Eric: That is also possible. His overall results didn't show it last year, but Viso only wrecked himself once. Improvement!
Outside of the obvious suspects, your Penskes and Ganassis, what drivers and/or teams do you expect to make noise this season?
Eric: Sam Schmidt Motorsports (or whatever they call themselves now). Simon Pagenaud was very good as a "rookie" last year, finishing 5th in the championship. With another year together, I fully expect that team to win at least one race this year, and maybe be a sleeper title contender. The team also added the only full-time rookie this year, Indy Lights champ Tristan Vautier. Vautier moved up the ladder very quickly, and showed in the offseason tests he has a lot of talent. On the driver side, it feels like this is the year James Hinchcliffe breaks out and picks up his first win.
Debi: Ugh. I'm so very sick of the Penskes and Ganassis. I want them to fail!!! Sorry, but it's a little frustrating to watch a race and they always seem to be the only equipment that doesn't fail, the only teams that can make repairs and get back in a race quickly. I won't know who to watch until I see the first race.
What does IndyCar need to do to grow the sport? This topic has been discussed ad nauseum all offseason by IndyCar fans. Since I've been inundated with ideas all winter, I'm going to leave this question to you guys, since you have a more outsiders perspective. Keep in mind that spending a bunch of money is not an option at this time.
Debi: I haven't seen or heard any of the off-season discussion, so I have no idea what they have discussed. I honestly don't know what the answer is, but I would for sure look for some sponsors who are more American mid-stream. I'd also encourage the drivers to make commercials that enable them to become household names. I think the US needs to become interested and to do that, they have to give people something they want. Right now the series seems snooty.
Scott: I think Debi was point on when she said IndyCar needs to get themselves a big time American sponsor. They also need to find themselves a big time TV contract that will allow them some better time slots on channels that most people won't have to go "looking for". I would also like to see other media outlets put forth more of an effort covering the sport, but I think we all know that's never really going to happen. Nascar is the media darling. IndyCar and other racing are the black sheep of the family.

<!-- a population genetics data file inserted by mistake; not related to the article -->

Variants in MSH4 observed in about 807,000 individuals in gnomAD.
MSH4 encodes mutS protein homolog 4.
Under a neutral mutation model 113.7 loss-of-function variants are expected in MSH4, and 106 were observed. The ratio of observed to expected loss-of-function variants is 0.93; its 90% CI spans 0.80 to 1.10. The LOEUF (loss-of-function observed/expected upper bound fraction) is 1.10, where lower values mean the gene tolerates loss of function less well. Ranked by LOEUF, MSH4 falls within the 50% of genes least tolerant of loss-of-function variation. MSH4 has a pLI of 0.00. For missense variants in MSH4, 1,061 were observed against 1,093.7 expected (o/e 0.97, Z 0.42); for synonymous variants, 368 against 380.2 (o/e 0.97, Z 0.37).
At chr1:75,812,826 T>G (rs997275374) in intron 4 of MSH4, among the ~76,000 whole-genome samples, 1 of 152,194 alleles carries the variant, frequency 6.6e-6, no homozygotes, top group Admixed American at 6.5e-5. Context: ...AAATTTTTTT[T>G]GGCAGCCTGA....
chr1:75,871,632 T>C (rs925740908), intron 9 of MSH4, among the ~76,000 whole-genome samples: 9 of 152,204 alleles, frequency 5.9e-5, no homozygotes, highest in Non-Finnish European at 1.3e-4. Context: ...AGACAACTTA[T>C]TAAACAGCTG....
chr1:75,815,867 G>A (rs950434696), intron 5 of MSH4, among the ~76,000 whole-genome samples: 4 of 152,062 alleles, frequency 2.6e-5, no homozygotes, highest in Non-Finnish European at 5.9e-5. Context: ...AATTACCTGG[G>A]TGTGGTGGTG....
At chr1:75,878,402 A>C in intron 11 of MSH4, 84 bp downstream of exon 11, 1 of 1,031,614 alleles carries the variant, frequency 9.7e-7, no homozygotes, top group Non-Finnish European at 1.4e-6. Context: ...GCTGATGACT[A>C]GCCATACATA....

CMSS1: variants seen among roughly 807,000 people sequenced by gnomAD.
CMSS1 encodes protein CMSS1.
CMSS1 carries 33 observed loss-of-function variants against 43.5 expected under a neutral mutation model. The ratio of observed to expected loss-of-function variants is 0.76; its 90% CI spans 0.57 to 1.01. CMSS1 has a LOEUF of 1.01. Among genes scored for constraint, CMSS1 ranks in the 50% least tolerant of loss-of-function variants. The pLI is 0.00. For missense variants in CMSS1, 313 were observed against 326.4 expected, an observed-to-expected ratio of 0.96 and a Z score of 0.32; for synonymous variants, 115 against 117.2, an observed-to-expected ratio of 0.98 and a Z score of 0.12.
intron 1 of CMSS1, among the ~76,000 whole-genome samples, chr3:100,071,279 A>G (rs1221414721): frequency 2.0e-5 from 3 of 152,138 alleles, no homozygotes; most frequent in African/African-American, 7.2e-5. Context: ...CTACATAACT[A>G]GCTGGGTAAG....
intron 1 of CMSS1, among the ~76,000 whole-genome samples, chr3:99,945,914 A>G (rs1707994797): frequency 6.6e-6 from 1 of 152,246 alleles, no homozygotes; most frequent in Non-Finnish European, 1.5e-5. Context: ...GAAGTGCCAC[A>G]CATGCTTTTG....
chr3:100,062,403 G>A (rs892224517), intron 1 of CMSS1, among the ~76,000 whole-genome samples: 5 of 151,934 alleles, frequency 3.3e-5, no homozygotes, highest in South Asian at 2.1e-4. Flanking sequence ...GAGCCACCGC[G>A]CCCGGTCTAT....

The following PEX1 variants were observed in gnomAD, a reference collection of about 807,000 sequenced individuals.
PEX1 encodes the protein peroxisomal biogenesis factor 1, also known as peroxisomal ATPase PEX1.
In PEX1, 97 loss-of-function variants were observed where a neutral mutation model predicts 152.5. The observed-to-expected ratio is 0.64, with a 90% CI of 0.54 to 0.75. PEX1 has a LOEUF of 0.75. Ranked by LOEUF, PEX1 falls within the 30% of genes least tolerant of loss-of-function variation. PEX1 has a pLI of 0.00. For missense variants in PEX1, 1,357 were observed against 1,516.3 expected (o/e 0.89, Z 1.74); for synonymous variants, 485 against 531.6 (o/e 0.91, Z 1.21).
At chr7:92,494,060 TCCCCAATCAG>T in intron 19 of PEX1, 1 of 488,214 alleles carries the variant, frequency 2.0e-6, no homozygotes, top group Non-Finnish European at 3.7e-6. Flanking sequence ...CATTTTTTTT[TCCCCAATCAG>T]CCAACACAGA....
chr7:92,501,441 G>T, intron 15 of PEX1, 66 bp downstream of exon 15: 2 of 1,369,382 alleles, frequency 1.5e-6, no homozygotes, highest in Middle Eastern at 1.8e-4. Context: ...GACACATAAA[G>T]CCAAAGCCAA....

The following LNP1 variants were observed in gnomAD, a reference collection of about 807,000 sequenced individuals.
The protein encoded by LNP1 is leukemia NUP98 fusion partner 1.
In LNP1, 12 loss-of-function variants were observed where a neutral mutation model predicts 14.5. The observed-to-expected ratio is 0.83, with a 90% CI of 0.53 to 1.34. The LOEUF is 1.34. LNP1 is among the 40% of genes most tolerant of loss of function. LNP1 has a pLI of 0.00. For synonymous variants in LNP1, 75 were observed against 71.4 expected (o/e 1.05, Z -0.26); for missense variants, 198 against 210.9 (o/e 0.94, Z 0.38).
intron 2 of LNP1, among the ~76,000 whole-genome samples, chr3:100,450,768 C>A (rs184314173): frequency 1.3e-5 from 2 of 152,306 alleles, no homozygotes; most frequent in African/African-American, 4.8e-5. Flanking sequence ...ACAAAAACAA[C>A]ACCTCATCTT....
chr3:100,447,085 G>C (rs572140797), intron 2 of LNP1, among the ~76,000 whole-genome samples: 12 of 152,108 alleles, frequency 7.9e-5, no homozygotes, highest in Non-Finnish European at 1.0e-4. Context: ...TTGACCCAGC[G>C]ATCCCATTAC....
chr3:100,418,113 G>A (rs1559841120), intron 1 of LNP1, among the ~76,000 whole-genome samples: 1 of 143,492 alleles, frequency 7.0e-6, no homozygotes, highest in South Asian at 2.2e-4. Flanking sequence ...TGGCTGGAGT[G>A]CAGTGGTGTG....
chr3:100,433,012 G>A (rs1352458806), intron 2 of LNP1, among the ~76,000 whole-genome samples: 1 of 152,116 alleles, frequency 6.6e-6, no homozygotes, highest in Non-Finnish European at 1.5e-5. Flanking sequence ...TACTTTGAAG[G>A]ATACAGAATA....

Eric: This and what Debi said point to the issue. IndyCar has to show it can deliver an ROI worth it for companies to get involved, which to do so, it needs more fans. For whatever reason, people have rejected the product. The TV contract is an issue, but it's the same problem. Even if IndyCar got out of it, who would want it at the miniscule rating the series currently pulls? These are tough questions, and I certainly don't have the answers. We can only hope Mark Miles and Jeff Belskus do.
In one sentence, who wins the IndyCar championship?
Eric: My gut is saying that this will be Scott Dixon's year.
Debi: I have no idea. I want to see a race first.
Scott: I think Will Power finally crosses the threshold as the bride and not the bridesmaid.
On the next page, we turn to NASCAR at Bristol and the rest of the week in auto racing.
Did the Bristol race meet your expectations for good, hard racing?
Eric: To my untrained eye, it looked like fine racing to me, although admittedly I didn't have my full attention on it. There was a mid race lull, but any long is going to have that. I've never really understood the complaints about the racing at Bristol.
Debi: At the risk of offending, well everyone, I enjoyed the race immensely. I have said it before, and I'll say it again. I'm happy with the new car.
Jen: Yes, Bristol is always a good race.
Scott: I tried to follow the race as best I could on the drive down to Florida but I didn't get to see any of the action. From what i've read though, it seemed a lot of people really were happy with the action. I was happy to see Kasey Kahne win, hated to see Matt Kenseth's day end on some bad luck and thought Kyle Busch showed a lot of moxy coming back from way deep in the field to finish 2nd. Special shout outs to Jamie McMurray and Brian Vickers for top 10 finishes.